When the browser sends the HTTP request to the Distributed Authentication User Interface, the events illustrated in Figure 6–2 occur.
Using the parameters in the HTTP request from the browser (which includes the URL of the requested application), the Distributed Authentication User Interface contacts the OpenSSO Enterprise Authentication Service (which, in turn, communicates with the Session Service).
The Authentication Service determines what should be presented to the user based upon configuration data and retrieves the appropriate authentication module(s) and callback(s) information.
For example, if configured to use LDAP Authentication, the Authentication Service determines that the LDAP Authentication login page should be displayed.
The collected information is passed to the Distributed Authentication User Interface using the Client SDK.
The Client Detection Service determines which protocol, such as HTML or WML, to use to display the login page.
The Distributed Authentication User Interface generates a dynamic presentation extraction page that contains the appropriate credentials request and callbacks information obtained from OpenSSO Enterprise.
The session cookie will be included in this communication.
The user’s browser displays the login page.
The user enters information in the fields of the login page.
The browser sends the credentials in an HTTP POST to the Distributed Authentication User Interface.
The Distributed Authentication User Interface uses the Client SDK to pass the credentials to the Authentication Service.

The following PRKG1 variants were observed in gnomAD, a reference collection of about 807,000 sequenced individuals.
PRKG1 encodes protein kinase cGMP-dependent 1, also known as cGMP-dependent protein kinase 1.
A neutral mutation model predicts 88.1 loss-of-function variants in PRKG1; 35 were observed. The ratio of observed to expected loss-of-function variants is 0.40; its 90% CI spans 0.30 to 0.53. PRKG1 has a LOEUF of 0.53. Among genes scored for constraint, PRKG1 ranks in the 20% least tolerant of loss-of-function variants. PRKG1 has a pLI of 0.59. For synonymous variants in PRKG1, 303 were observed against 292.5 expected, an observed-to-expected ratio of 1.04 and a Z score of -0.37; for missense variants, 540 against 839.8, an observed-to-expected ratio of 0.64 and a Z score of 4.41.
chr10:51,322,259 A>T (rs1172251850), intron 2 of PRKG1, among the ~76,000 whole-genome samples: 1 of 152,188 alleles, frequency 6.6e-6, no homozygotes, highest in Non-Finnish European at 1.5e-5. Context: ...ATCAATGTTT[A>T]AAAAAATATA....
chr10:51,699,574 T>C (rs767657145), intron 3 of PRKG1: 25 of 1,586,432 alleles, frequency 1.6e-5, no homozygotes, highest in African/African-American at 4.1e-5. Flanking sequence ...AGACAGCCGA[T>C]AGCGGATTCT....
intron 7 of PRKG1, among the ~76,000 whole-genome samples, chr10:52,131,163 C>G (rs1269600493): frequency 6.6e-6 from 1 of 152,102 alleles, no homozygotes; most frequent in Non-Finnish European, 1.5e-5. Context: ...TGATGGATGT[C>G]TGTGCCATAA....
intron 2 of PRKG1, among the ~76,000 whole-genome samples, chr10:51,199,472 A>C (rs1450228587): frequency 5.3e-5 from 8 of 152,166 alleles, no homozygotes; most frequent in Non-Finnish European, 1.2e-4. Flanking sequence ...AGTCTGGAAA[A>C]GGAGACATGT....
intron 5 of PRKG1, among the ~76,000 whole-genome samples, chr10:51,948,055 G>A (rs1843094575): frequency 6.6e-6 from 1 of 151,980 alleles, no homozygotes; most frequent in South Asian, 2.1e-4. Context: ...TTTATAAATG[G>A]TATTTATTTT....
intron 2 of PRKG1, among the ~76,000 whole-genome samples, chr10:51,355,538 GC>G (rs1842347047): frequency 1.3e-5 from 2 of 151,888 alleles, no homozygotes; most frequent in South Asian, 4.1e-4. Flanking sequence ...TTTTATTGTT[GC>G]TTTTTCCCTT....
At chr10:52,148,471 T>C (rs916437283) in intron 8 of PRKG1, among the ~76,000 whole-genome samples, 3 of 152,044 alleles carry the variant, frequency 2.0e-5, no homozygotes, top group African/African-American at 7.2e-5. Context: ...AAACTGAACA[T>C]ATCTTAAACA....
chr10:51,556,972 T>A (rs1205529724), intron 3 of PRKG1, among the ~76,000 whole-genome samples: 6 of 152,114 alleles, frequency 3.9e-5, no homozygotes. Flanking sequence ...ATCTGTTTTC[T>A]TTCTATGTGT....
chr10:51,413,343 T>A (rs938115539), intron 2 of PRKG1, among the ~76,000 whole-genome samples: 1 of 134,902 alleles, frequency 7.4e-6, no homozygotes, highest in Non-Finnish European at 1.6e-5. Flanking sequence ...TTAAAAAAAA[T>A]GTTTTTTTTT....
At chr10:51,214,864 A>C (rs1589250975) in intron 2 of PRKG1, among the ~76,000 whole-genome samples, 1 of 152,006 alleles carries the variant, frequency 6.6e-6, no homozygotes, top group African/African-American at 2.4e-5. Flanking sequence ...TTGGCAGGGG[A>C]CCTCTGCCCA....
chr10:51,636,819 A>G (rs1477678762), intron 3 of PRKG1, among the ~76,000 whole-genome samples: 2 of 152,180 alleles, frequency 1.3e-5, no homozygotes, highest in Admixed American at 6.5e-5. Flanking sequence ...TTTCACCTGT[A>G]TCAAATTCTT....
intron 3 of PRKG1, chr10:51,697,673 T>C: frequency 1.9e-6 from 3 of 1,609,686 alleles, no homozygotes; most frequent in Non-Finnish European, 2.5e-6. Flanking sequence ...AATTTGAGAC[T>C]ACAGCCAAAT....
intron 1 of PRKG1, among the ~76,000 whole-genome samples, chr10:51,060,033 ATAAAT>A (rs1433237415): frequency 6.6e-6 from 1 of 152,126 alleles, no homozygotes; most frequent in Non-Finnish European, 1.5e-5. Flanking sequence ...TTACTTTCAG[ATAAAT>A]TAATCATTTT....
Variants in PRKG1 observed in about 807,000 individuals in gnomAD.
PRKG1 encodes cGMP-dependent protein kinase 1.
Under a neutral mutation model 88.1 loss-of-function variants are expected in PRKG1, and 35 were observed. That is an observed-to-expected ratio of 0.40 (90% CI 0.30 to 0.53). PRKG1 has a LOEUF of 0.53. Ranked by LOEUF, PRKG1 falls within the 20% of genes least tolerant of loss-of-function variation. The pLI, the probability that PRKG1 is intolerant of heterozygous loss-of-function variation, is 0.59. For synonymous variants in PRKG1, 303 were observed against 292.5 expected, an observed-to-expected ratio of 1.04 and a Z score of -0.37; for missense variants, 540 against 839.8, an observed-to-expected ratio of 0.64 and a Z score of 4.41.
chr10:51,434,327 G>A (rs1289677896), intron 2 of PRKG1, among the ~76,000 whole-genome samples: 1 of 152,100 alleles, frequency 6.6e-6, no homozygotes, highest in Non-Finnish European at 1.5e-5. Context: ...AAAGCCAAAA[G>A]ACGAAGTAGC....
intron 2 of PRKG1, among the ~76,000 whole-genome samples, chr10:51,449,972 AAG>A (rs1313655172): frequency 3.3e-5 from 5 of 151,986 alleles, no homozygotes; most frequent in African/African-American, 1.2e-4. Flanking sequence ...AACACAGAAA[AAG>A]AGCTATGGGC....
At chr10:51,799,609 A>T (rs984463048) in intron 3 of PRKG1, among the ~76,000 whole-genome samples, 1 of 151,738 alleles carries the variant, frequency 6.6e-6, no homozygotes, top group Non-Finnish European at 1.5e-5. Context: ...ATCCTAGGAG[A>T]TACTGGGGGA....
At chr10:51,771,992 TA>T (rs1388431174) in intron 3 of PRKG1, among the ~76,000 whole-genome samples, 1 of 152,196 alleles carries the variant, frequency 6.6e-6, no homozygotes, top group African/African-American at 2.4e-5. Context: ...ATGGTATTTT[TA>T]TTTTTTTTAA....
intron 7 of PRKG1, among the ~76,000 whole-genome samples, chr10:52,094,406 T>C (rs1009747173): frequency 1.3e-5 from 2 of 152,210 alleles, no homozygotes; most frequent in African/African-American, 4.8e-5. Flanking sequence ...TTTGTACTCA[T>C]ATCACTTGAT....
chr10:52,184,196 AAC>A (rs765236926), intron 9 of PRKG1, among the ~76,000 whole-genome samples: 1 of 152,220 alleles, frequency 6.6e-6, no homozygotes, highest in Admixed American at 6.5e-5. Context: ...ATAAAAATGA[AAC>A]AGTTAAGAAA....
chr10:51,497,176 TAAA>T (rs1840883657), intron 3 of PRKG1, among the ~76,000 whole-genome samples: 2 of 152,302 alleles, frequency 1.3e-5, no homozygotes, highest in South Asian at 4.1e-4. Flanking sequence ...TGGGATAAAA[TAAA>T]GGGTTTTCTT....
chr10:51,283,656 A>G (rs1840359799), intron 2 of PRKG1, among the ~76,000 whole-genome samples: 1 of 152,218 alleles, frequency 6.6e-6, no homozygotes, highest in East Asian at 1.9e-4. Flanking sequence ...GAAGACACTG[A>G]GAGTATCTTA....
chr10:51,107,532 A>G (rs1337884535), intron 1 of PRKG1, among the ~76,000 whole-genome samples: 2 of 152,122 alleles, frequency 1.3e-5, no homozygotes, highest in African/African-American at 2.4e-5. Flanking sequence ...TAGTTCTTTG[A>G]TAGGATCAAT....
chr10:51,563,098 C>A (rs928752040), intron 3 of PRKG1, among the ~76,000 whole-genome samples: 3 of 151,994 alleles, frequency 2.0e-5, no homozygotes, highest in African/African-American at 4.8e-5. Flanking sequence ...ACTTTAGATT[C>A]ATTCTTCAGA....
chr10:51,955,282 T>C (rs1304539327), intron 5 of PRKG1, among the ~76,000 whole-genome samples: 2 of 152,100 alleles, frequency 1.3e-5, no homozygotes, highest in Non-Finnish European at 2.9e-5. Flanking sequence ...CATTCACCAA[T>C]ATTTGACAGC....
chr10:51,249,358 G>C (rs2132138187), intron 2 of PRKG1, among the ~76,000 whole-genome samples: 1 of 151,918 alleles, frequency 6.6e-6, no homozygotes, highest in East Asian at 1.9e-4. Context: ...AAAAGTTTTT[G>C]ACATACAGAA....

The Authentication Service uses the appropriate authentication module to validate the user’s credentials.
For example, if LDAP authentication is used, the LDAP authentication module verifies that the username and password provided exist in the LDAP directory.
Assuming authentication is successful, the Authentication Service activates the session by calling the appropriate methods in the Session Service.
The Authentication Service stores information such as login time, Authentication Scheme, and Authentication Level in the session data structure.
Once the session is activated, the Session Service changes the state of the session token to valid.
The Distributed Authentication User Interface sends an HTTP response back to the browser with a validated SSOToken and location change.
The browser follows the redirect by sending another HTTP request to the original resource protected by a policy agent. This time, the request includes the valid session token created during the authentication process.
The next part of the user session is Session Validation.